Keyword: Emmanuel Macron
The newly-appointed minister of the economy, Emmanuel Macron, is the latest in a series of French politicians going back to the days of President Georges Pompidou who have come to government from the influential Paris-based investment bank Rothschild et Cie. In September 2012, a few months after Macron had become President François Hollande's deputy chief of staff, Mediapart's Martine Orange published a book investigating the power and influence that the Rothschild bank wields because of its position at the junction of French politics and business. Mediapart publishes selected extracts from the book below to shed light both on the new minister and the bank itself, with an introduction by Mediapart's editor François Bonnet.
Emmanuel Macron wants businesses to be able to ignore the 35-hour rule 'as long as they have majority backing from the unions'.
Emmanuel Macron this week replaced anti-austerity rebel Arnaud Montebourg as France’s new economy minister, a role that places him at the forefront of the socialist government’s struggle to return the country to growth and bring down record unemployment. Macron, who was latterly President François Hollande’s deputy chief-of-staff, has until now remained a figure unknown to the wider public, and an even more obscure one concerning his political vision. In an interview with Mediapart’s Lénaïg Bredoux and Joseph Confavreux last year, of which the principle extracts are published here, he detailed the reasons why he believes the Left must undergo a profound renovation to rid itself of what he believes is antiquated ideology and past certitudes that he described as "dead stars".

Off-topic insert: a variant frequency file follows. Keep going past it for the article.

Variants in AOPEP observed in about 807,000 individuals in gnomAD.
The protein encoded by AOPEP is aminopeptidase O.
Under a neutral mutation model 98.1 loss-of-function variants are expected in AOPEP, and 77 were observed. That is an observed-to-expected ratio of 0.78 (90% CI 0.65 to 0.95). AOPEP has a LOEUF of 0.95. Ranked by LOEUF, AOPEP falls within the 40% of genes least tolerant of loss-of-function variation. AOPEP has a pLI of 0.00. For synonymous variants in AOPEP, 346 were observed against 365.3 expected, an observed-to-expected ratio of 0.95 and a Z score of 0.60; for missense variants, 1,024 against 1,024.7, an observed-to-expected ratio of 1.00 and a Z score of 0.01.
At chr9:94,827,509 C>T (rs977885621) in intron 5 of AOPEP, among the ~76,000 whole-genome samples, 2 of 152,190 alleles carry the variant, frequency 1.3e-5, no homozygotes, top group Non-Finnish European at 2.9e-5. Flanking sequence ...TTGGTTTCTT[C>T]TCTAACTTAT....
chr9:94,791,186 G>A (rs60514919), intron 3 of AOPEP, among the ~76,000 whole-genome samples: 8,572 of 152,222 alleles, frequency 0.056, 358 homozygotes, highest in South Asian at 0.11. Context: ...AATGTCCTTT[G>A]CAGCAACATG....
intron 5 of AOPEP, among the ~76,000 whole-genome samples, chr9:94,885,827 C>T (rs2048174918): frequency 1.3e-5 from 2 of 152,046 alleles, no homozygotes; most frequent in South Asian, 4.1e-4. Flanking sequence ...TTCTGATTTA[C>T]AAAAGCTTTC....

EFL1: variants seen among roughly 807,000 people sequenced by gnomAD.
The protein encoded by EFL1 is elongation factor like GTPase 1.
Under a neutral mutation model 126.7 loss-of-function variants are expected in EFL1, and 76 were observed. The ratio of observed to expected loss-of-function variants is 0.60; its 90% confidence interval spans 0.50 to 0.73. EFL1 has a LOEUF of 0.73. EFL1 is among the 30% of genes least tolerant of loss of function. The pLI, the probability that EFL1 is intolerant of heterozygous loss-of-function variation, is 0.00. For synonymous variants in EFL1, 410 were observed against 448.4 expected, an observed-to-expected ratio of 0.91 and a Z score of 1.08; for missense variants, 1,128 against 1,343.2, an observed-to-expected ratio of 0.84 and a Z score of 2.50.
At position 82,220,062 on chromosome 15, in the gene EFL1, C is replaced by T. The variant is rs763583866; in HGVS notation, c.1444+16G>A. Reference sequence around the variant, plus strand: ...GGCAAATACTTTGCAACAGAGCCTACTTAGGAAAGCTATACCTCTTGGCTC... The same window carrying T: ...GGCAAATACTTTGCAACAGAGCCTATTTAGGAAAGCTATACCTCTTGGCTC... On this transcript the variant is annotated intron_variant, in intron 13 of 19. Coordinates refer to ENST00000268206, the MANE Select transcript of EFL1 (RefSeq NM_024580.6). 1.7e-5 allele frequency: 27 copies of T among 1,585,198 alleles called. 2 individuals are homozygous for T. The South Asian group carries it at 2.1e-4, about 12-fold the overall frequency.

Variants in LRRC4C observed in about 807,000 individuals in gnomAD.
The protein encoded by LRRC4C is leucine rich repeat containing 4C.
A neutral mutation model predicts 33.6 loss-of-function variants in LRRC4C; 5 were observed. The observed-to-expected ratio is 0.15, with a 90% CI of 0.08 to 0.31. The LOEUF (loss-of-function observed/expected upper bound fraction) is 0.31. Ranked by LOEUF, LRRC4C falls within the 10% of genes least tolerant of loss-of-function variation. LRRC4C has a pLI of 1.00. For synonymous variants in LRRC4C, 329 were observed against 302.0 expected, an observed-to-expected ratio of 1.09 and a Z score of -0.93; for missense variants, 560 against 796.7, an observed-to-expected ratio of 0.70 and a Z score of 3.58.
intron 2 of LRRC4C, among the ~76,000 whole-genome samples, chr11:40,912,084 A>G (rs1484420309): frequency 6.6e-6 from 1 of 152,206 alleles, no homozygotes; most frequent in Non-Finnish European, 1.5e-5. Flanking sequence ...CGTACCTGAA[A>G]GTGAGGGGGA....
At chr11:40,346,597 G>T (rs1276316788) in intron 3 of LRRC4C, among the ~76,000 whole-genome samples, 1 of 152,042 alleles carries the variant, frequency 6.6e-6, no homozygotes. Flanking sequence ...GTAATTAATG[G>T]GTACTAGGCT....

The French government reshuffle on Tuesday saw the replacement of rebel economy and industry minister Arnaud Montebourg by Emmanuel Macron, a former banker and deputy chief-of-staff to President François Hollande. Macron, 36, who first began a career as a philosopher, is unknown to the public, but has played a crucial role as advisor to the French president on economic policies. Lénaïg Bredoux and Martine Orange profile the man in the hot seat in charge of steering France through increasingly dangerous economic waters.